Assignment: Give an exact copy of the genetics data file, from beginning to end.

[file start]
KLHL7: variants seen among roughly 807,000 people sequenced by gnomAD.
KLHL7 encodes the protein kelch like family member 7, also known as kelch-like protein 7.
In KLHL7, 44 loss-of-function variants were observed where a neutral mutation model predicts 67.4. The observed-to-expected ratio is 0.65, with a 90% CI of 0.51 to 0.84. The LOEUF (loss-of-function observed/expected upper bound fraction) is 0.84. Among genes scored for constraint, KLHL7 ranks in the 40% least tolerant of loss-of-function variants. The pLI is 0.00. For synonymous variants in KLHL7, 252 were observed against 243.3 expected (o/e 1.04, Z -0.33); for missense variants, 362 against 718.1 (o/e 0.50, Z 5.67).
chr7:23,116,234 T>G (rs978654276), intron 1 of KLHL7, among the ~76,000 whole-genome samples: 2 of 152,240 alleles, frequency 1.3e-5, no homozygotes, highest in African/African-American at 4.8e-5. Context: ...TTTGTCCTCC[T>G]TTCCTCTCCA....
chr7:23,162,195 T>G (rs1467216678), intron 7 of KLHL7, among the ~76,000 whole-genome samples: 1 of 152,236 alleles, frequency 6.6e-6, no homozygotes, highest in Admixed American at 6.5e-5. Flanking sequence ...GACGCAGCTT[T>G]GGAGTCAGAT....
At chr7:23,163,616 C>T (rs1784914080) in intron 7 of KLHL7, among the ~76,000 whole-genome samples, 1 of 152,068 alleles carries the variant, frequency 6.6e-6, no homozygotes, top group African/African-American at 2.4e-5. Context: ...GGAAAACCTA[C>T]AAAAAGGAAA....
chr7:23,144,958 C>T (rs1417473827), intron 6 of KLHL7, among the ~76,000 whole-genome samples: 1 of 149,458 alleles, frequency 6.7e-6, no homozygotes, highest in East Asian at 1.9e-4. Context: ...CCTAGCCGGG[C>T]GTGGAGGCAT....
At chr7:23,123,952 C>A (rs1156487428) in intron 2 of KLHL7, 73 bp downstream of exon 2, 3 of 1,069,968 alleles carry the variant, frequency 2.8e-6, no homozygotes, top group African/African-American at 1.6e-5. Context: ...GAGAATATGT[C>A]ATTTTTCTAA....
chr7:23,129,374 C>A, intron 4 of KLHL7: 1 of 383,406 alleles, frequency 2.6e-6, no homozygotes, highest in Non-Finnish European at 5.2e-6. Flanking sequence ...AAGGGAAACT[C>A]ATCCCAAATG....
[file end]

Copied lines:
KLHL7: variants seen among roughly 807,000 people sequenced by gnomAD.
KLHL7 encodes the protein kelch like family member 7, also known as kelch-like protein 7.
In KLHL7, 44 loss-of-function variants were observed where a neutral mutation model predicts 67.4. The observed-to-expected ratio is 0.65, with a 90% CI of 0.51 to 0.84. The LOEUF (loss-of-function observed/expected upper bound fraction) is 0.84. Among genes scored for constraint, KLHL7 ranks in the 40% least tolerant of loss-of-function variants. The pLI is 0.00. For synonymous variants in KLHL7, 252 were observed against 243.3 expected (o/e 1.04, Z -0.33); for missense variants, 362 against 718.1 (o/e 0.50, Z 5.67).
chr7:23,116,234 T>G (rs978654276), intron 1 of KLHL7, among the ~76,000 whole-genome samples: 2 of 152,240 alleles, frequency 1.3e-5, no homozygotes, highest in African/African-American at 4.8e-5. Context: ...TTTGTCCTCC[T>G]TTCCTCTCCA....
chr7:23,162,195 T>G (rs1467216678), intron 7 of KLHL7, among the ~76,000 whole-genome samples: 1 of 152,236 alleles, frequency 6.6e-6, no homozygotes, highest in Admixed American at 6.5e-5. Flanking sequence ...GACGCAGCTT[T>G]GGAGTCAGAT....
At chr7:23,163,616 C>T (rs1784914080) in intron 7 of KLHL7, among the ~76,000 whole-genome samples, 1 of 152,068 alleles carries the variant, frequency 6.6e-6, no homozygotes, top group African/African-American at 2.4e-5. Context: ...GGAAAACCTA[C>T]AAAAAGGAAA....
chr7:23,144,958 C>T (rs1417473827), intron 6 of KLHL7, among the ~76,000 whole-genome samples: 1 of 149,458 alleles, frequency 6.7e-6, no homozygotes, highest in East Asian at 1.9e-4. Context: ...CCTAGCCGGG[C>T]GTGGAGGCAT....
At chr7:23,123,952 C>A (rs1156487428) in intron 2 of KLHL7, 73 bp downstream of exon 2, 3 of 1,069,968 alleles carry the variant, frequency 2.8e-6, no homozygotes, top group African/African-American at 1.6e-5. Context: ...GAGAATATGT[C>A]ATTTTTCTAA....
chr7:23,129,374 C>A, intron 4 of KLHL7: 1 of 383,406 alleles, frequency 2.6e-6, no homozygotes, highest in Non-Finnish European at 5.2e-6. Flanking sequence ...AAGGGAAACT[C>A]ATCCCAAATG....